thumbnail Fig. 4

Raman spectra of asphaltene with 0.05 wt.% aluminum oxide over the 900–1800 cm−1 range (sample B).

Table 2

Results of the spectral analysis of the Raman spectroscopy on asphaltene samples.

3.2 Analysis of DLS Data

DLS results for samples A and B are shown in Figures 5 and 6. The size of the entities was sensed by DLS, ranging from 90 nm to 1 µm. The particle size was measured by the autocorrelation function of the intensity fluctuation of the scattered light. By comparing Figures 5 and 6, it can be realized that there is a significant difference in DLS peaks in presence of nanoparticle, three peaks of asphaltene's molecule were changed to approximately single pick, and also it was shifted in a max boundary of size. According to DLS data, the average of asphaltene molecular size increased from 512.75 to 2949.55 nm due to the presence of nano aluminum oxide. These results confirmed that asphaltene was linked by aluminum oxide nanoparticle, and hence the molecular sizes were grown up. DLS analysis of asphaltene particles size distribution in terms of intensity in the presence of 0.05% aluminum oxide is shown in Figure 7. The results showed that in the presence of 0.05% aluminum oxide nanoparticle, the size of the asphaltene molecule, 4.75% is higher than the unloaded nanoparticle sample.

thumbnail Fig. 5

DLS analysis of asphaltene particles size distribution in terms of intensity (sample A).

thumbnail Fig. 6

DLS analysis of asphaltene particles size distribution in terms of intensity (sample B).

thumbnail Fig. 7

DLS analysis of asphaltene particles size distribution in terms of intensity in presence of 0.05 wt.% aluminum oxide.

3.3 Effects of Aluminum Oxide Nanoparticles on Membrane Separation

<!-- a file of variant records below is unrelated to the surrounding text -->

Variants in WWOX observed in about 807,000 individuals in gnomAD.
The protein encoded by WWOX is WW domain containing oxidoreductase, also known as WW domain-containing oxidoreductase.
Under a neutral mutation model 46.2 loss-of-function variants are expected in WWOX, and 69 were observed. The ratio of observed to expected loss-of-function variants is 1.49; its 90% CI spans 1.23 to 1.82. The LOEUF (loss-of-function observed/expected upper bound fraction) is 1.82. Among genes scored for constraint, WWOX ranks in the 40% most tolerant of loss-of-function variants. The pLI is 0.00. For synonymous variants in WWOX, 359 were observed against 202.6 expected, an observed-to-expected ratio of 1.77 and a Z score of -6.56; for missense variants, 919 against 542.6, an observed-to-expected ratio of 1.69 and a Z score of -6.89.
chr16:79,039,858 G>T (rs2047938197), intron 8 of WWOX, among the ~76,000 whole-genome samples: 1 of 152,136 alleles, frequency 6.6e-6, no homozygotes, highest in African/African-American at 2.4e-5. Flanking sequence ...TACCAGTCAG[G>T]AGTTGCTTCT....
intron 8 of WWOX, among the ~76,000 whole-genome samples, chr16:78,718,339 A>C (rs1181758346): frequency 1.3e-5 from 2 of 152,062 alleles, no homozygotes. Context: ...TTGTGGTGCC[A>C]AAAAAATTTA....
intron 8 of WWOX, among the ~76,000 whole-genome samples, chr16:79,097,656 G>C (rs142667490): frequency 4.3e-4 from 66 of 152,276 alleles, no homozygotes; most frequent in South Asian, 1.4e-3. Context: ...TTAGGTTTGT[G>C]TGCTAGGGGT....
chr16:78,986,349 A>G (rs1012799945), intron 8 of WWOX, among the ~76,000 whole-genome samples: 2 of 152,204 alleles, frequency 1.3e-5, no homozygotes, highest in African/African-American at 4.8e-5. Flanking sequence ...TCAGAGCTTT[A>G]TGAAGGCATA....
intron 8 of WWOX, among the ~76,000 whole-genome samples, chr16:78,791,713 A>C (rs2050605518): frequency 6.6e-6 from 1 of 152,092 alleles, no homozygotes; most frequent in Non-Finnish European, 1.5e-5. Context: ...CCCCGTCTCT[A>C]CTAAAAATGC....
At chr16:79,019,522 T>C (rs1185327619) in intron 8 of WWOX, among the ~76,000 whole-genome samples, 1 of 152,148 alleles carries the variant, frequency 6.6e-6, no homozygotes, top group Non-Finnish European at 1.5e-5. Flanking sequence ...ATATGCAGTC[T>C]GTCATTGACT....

Experiments were conducted to investigate the effect of the nanoparticles on asphaltene separation of Soroush oil over a range of operating conditions using asymmetric ceramic monolith membrane with pore size of 0.2 µm. Since Soroush oil is extremely viscous (1222 cP at 20 °C; determined by bubble viscometer, according to standard D445-06), the experiments were done at an elevated and optimum temperature (145–150 °C) to reduce viscosity to a suitable level for ultrafiltration. The transmembrane pressure in all experiments was between 300–400 kPa. The experiment was continued for about 4 h. The effect of various parameters on filtration characteristics like flux reduction, membrane fouling during constant temperature cross flow UF of Soroush oil was studied.

The results of the asphaltene rejection for samples A and B as a function of time during constant temperature are shown in Figure 8. As can be seen, asphaltene rejection is close to 91 wt.% in the absence of nano alumina and improves to a maximum of about 97 wt.% if nano alumina is added. This behavior for the UF membrane is as result of linking alumina nanoparticle to the aromatic sheets of asphaltene molecules and growing the size of molecular asphaltene up to 2949.55 nm according to DLS analysis. On the other hand, asphaltene retention was enhanced by the formation of a cake on the membrane inside surface.

Figure 9 compares experimental data for the filtrate flux in terms of time for samples A and B. According to this figure, permeate flux reduces with time as a result of significant fouling in heavy oil UF. Also, there was a steep decline in the flux at the start of the filtration because of initial rapid cake formation on ceramic membrane like other membrane separations. According to previous work (Ashtari et al., 2012) on light and medium Iranian crude oils, a dominant mechanism in asphaltene separation is the formation of a gel layer on the surface of the membrane.

Also, it can be seen from this figure, the permeate flux decreased significantly in presence of nano alumina as a result of growing asphaltene's molecules and developing cake filtration.

thumbnail Fig. 8

Asphaltene rejection versus time, (sample A and B, pore size = 0.2 µm, T = 140–150 °C, ΔP = 300 kPa).

thumbnail Fig. 9